In today’s popular imagination, the Victorian era is often seen as a time of decorum and moral propriety. Yet, the late Victorian period (c. 1880 to 1901) saw the upheaval of social and sexual mores, the rise of colonialism, and the introduction of new technologies like phonograph. In this course, we will discuss figures such as the New Woman and the Dandy, the expansion of Queen Victoria’s empire, the rise of detective fiction and the police, and the role of technology in an increasingly urban society. Works of literature will include Thomas Hardy’s Tess of the D’Urbervilles, Arthur Conan Doyle’s Sherlock Holmes stories, Robert Louis Stevenson’s Jekyll and Hyde, Olive Schreiner’s Story of an African Farm as well as selected poems by authors including Mary Robinson, Alice Meynell, and Gerard Manley Hopkins.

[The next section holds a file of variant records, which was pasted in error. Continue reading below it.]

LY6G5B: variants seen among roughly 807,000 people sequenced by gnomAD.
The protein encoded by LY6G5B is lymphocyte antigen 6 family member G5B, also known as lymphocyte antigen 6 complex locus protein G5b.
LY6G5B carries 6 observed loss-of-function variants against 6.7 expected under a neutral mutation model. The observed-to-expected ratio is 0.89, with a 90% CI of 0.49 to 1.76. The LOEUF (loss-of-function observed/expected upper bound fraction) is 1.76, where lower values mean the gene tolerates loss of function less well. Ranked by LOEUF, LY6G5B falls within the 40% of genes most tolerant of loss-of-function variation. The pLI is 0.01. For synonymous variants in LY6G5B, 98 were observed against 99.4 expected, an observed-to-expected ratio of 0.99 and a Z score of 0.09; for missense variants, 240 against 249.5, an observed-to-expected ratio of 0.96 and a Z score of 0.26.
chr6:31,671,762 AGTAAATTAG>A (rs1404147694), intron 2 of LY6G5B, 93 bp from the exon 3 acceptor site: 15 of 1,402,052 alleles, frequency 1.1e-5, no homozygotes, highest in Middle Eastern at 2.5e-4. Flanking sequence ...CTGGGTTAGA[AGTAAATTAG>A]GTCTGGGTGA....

Prerequisites: English 302 and either English 240 or 340.
Texts and readings:
- Arthur Conan Doyle. Sherlock Holmes: Selected Stories. New York: Oxford University Press, 2014.
- Thomas Hardy. Tess of the D’Urbervilles. New York: Oxford University Press, 2008.
- Olive Schreiner. The Story of an African Farm. New York: Oxford University Press, 2008.
- Robert Louis Stevenson. Strange Case of Dr Jekyll and Mr Hyde. New York: Oxford University Press, 2008.
- Oscar Wilde. The Major Works. New York: Oxford University Press, 2008.
N.B. Selected poems as well as secondary criticism, available on our course website.